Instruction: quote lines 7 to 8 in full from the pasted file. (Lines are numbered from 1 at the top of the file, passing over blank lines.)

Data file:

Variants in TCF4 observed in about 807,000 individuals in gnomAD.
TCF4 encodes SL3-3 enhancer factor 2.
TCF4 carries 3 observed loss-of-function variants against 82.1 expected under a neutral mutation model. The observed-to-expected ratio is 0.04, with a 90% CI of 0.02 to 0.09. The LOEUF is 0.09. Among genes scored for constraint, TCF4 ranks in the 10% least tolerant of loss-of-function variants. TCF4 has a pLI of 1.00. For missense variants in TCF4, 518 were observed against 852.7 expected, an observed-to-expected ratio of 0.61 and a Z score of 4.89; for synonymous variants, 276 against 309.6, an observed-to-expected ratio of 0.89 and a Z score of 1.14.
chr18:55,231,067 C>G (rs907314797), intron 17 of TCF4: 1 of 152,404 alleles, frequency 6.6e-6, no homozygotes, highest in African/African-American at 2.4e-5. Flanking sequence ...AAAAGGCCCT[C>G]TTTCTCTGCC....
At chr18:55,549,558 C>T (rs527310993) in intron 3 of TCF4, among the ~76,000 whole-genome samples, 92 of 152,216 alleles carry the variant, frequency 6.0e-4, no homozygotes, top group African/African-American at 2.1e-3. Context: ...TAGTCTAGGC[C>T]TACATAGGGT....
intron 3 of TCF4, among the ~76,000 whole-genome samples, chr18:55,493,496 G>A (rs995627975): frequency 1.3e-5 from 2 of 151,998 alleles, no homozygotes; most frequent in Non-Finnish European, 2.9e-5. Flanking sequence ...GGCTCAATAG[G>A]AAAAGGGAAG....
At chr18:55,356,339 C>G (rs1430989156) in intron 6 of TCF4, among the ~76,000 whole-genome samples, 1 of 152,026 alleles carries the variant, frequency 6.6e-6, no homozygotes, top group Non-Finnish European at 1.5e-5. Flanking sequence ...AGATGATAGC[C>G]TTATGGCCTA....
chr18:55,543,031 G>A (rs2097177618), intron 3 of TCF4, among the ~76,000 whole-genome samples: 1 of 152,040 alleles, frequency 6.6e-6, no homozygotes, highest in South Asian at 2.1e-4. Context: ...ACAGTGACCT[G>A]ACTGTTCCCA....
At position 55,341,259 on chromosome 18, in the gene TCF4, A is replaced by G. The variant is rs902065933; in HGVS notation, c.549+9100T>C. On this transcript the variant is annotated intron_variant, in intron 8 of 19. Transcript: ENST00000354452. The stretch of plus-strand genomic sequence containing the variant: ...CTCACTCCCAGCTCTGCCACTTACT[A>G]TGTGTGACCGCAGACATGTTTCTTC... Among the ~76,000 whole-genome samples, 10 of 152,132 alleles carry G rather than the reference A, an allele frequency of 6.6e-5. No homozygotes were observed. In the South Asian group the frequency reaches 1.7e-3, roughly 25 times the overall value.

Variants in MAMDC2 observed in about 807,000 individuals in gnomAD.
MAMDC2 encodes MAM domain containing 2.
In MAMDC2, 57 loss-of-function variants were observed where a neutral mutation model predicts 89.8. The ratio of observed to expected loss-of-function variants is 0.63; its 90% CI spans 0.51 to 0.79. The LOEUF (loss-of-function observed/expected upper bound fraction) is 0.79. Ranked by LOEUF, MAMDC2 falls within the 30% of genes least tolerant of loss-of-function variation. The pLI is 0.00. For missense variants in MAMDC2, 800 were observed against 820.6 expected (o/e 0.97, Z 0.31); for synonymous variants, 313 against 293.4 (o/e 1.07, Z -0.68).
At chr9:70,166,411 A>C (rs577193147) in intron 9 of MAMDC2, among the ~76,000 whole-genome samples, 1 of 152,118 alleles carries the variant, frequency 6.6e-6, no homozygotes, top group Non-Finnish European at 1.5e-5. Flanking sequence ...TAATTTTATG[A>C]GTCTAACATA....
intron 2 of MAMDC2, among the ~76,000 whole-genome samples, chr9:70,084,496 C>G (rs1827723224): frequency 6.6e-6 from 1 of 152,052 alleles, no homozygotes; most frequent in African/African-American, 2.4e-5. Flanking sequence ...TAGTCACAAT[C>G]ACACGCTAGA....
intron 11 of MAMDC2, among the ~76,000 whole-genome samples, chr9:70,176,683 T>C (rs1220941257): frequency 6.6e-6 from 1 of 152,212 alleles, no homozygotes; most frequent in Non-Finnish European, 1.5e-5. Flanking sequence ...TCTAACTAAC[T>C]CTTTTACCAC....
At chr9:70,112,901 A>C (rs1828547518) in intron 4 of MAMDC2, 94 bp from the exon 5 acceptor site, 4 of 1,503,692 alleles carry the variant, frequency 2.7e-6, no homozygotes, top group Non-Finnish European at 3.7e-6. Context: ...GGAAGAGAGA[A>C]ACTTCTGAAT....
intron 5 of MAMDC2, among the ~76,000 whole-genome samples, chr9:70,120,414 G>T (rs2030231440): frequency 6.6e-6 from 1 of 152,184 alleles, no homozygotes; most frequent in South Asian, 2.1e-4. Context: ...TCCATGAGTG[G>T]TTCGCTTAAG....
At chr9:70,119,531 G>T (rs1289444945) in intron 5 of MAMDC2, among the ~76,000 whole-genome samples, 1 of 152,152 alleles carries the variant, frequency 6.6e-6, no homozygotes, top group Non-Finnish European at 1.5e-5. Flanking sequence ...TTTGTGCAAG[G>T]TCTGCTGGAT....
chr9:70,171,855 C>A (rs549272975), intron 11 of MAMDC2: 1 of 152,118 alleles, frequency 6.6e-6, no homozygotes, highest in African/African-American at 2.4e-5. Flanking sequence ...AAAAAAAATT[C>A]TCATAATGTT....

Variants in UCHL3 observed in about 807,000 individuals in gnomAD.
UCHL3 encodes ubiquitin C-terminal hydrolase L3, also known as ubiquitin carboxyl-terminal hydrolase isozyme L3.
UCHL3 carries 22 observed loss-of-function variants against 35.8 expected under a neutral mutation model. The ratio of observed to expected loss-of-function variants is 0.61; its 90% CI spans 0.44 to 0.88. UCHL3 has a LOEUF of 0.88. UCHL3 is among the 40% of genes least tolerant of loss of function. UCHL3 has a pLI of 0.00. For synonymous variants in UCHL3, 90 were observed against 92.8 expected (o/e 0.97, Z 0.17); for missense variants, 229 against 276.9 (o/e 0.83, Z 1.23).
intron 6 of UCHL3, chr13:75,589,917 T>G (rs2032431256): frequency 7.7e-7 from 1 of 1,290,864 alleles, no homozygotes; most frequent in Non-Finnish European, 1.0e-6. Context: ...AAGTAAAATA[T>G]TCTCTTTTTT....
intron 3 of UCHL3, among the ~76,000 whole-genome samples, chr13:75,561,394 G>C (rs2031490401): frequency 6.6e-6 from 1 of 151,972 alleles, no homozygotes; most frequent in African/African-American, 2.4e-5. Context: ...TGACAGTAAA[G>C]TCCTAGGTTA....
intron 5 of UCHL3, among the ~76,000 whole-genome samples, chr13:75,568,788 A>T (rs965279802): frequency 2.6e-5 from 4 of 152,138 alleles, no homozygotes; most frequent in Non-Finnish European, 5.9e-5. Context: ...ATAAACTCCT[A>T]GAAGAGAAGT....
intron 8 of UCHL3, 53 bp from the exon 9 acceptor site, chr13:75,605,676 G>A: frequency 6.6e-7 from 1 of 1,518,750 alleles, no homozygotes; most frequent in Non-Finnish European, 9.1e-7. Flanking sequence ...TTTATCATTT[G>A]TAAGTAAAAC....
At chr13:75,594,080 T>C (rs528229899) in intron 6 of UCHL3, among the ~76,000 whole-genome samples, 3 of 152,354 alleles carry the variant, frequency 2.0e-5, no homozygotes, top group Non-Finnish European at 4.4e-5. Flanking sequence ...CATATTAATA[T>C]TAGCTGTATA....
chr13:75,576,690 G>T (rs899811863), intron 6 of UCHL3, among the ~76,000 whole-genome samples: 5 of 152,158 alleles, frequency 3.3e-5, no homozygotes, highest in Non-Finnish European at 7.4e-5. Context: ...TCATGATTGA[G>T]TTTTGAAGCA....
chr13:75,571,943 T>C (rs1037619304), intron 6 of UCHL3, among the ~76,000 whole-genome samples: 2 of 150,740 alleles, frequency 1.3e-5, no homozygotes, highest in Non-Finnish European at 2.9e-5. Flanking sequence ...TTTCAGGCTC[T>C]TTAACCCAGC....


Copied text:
At chr18:55,356,339 C>G (rs1430989156) in intron 6 of TCF4, among the ~76,000 whole-genome samples, 1 of 152,026 alleles carries the variant, frequency 6.6e-6, no homozygotes, top group Non-Finnish European at 1.5e-5. Flanking sequence ...AGATGATAGC[C>G]TTATGGCCTA....
chr18:55,543,031 G>A (rs2097177618), intron 3 of TCF4, among the ~76,000 whole-genome samples: 1 of 152,040 alleles, frequency 6.6e-6, no homozygotes, highest in South Asian at 2.1e-4. Context: ...ACAGTGACCT[G>A]ACTGTTCCCA....